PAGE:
The following is a Letter to the Editor, written in response to their article “The IMF should stand firm against Argentine blackmail”, by Martin Wolf, published January 28, 2004.
Sir, Martin Wolf makes a number of important points about the debt mess in Argentina (“The IMF should stand firm against Argentine blackmail”, January 28). Indeed, the US government and the other leading shareholders of the Group of 10 are to blame for the International Monetary Fund’s excessive exposure to Argentina. Furthermore, the three-year economic recovery programme of the Argentine government is substandard, and making bondholders in effect pay off the IMF’s loans would leave some bad scars on the international financial system.
At the same time, Mr Wolf exaggerates the IMF’s mistake by implying that several of its loans to Argentina were egregious errors. Only the last one was a politically driven blunder. He — along with much of the bondholder community — may also overestimate the ability of the Kirchner government to implement a stronger programme. It may not have sufficient popular and parliamentary support to put into effect the measures required to achieve a fiscal surplus substantially above 3 per cent. The Argentine polity is not “normal”; it is masochistic, given to hurting itself.
Mr Wolf concludes that the IMF should stop rolling over its loans to Argentina if the government is not living up to its commitments to pursue appropriate policies and negotiate with its bondholders in good faith. He is right to predict that Argentina would default rather than pay down its IMF debt, and is on solid ground when he advocates that the “rich countries”, meaning the G-10, which has a voting majority in the IMF, should bear the cost of this default.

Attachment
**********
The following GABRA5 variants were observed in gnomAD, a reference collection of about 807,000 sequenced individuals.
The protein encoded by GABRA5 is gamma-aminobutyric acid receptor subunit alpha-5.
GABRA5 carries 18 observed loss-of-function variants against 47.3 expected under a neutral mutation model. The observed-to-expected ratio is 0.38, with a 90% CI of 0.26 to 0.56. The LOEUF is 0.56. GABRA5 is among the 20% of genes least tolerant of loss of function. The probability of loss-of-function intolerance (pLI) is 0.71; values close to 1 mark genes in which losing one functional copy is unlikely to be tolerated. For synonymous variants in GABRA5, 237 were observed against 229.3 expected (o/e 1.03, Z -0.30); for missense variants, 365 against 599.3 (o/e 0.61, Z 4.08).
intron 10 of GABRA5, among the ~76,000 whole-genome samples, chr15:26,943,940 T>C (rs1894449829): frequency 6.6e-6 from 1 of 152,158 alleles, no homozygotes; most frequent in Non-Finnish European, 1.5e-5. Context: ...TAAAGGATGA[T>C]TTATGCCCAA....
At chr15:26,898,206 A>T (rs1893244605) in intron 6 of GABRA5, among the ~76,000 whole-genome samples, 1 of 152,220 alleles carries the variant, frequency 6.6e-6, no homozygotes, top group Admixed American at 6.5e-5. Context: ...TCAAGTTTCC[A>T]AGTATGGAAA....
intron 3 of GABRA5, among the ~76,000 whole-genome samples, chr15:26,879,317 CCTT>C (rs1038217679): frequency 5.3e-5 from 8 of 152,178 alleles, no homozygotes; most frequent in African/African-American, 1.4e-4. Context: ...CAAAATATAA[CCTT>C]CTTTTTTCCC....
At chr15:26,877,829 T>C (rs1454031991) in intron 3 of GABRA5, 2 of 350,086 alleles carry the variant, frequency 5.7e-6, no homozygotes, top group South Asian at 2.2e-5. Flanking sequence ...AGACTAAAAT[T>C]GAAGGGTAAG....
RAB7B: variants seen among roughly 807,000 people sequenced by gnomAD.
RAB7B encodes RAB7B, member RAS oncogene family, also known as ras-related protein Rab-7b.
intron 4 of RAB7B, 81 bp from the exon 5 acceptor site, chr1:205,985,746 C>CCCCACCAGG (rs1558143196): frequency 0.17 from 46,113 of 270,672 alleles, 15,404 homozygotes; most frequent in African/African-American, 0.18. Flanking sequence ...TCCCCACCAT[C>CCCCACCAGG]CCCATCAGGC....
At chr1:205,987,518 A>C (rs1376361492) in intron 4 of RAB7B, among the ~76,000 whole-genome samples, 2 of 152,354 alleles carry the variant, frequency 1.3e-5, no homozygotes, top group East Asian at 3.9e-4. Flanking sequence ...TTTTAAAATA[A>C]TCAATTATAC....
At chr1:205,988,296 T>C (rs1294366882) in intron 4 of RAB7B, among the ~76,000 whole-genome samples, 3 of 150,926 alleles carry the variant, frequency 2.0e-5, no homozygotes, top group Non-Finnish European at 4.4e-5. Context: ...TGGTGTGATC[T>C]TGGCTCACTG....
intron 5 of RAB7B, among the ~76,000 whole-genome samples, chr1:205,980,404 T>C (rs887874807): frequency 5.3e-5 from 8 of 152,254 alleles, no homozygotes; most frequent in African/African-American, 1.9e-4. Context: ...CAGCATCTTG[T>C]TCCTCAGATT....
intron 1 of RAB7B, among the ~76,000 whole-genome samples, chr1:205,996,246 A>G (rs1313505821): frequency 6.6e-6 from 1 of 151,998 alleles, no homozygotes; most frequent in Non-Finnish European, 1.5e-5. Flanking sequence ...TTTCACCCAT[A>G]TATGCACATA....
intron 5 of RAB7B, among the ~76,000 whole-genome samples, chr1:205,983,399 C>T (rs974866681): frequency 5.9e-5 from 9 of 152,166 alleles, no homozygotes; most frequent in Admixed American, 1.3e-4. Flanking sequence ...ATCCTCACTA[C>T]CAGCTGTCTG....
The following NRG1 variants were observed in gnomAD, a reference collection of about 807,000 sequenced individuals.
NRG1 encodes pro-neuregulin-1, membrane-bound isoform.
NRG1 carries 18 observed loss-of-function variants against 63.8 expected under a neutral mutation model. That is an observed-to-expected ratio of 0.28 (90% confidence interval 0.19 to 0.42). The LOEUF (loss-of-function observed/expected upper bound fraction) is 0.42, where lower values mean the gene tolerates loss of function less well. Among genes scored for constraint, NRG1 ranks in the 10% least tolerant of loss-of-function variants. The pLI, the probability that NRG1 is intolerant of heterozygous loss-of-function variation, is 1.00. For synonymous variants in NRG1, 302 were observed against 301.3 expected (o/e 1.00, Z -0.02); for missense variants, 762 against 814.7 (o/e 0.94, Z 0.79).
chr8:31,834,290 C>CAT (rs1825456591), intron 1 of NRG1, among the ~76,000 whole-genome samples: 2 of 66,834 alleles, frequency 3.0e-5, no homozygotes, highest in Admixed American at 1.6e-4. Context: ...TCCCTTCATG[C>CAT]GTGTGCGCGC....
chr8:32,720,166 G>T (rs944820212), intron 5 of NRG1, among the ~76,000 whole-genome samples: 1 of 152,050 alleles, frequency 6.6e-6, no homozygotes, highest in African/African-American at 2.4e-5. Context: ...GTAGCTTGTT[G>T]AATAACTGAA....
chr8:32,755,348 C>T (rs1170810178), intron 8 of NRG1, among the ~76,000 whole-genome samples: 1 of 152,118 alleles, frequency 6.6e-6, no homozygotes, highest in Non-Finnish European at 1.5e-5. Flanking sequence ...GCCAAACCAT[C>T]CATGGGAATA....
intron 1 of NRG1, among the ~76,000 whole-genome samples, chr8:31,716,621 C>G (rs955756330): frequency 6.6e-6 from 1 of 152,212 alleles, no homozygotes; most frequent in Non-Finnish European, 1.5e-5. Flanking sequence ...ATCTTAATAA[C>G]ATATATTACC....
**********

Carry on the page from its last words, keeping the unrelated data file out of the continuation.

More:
Regrettably, Mr Wolf neglects to mention two alternatives to outright default. The more straightforward one is for the G-10 countries to make a grant of between Dollars 10bn and Dollars 12bn to Argentina that would disburse over the next few years strictly to meet payments to the IMF. The more complicated approach is to negotiate an officially sanctioned debt reduction using the model of the heavily indebted poor countries programme for low-income countries that have been the “victims” of excessive lending by the IMF, the World Bank and other multilateral agencies treated as preferred creditors.
A negotiation of this kind would call for the skills of America’s principal heavyweight negotiator — James A. Baker III. Why then has Mr Baker been assigned instead to clear up Iraq’s debt mess, a job that a number of respected US diplomats could handle?